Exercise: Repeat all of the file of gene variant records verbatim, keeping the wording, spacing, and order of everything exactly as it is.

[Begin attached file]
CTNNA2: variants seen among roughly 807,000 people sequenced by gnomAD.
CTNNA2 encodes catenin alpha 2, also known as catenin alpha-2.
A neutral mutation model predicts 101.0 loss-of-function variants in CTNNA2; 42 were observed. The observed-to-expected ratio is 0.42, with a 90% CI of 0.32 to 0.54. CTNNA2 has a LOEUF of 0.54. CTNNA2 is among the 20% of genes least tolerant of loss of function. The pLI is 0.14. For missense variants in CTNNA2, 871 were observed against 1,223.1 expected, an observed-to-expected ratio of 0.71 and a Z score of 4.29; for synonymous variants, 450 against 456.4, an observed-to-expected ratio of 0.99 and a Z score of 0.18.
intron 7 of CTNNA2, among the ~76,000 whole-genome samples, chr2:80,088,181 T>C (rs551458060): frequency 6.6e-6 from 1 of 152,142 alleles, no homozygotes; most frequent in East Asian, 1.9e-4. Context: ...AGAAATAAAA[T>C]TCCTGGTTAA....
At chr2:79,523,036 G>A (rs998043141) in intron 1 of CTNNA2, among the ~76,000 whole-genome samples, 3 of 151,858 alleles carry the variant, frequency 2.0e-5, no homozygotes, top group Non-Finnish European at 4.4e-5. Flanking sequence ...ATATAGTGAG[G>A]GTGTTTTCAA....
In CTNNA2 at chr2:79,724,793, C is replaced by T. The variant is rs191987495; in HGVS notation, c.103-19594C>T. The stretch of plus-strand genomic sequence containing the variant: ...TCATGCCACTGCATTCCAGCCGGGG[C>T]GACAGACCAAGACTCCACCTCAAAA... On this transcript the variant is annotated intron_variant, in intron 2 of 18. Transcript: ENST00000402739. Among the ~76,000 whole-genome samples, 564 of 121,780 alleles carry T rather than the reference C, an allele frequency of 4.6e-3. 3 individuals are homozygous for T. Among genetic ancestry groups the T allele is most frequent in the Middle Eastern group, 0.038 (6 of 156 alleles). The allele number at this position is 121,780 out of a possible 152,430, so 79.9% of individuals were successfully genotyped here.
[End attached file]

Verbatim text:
CTNNA2: variants seen among roughly 807,000 people sequenced by gnomAD.
CTNNA2 encodes catenin alpha 2, also known as catenin alpha-2.
A neutral mutation model predicts 101.0 loss-of-function variants in CTNNA2; 42 were observed. The observed-to-expected ratio is 0.42, with a 90% CI of 0.32 to 0.54. CTNNA2 has a LOEUF of 0.54. CTNNA2 is among the 20% of genes least tolerant of loss of function. The pLI is 0.14. For missense variants in CTNNA2, 871 were observed against 1,223.1 expected, an observed-to-expected ratio of 0.71 and a Z score of 4.29; for synonymous variants, 450 against 456.4, an observed-to-expected ratio of 0.99 and a Z score of 0.18.
intron 7 of CTNNA2, among the ~76,000 whole-genome samples, chr2:80,088,181 T>C (rs551458060): frequency 6.6e-6 from 1 of 152,142 alleles, no homozygotes; most frequent in East Asian, 1.9e-4. Context: ...AGAAATAAAA[T>C]TCCTGGTTAA....
At chr2:79,523,036 G>A (rs998043141) in intron 1 of CTNNA2, among the ~76,000 whole-genome samples, 3 of 151,858 alleles carry the variant, frequency 2.0e-5, no homozygotes, top group Non-Finnish European at 4.4e-5. Flanking sequence ...ATATAGTGAG[G>A]GTGTTTTCAA....
In CTNNA2 at chr2:79,724,793, C is replaced by T. The variant is rs191987495; in HGVS notation, c.103-19594C>T. The stretch of plus-strand genomic sequence containing the variant: ...TCATGCCACTGCATTCCAGCCGGGG[C>T]GACAGACCAAGACTCCACCTCAAAA... On this transcript the variant is annotated intron_variant, in intron 2 of 18. Transcript: ENST00000402739. Among the ~76,000 whole-genome samples, 564 of 121,780 alleles carry T rather than the reference C, an allele frequency of 4.6e-3. 3 individuals are homozygous for T. Among genetic ancestry groups the T allele is most frequent in the Middle Eastern group, 0.038 (6 of 156 alleles). The allele number at this position is 121,780 out of a possible 152,430, so 79.9% of individuals were successfully genotyped here.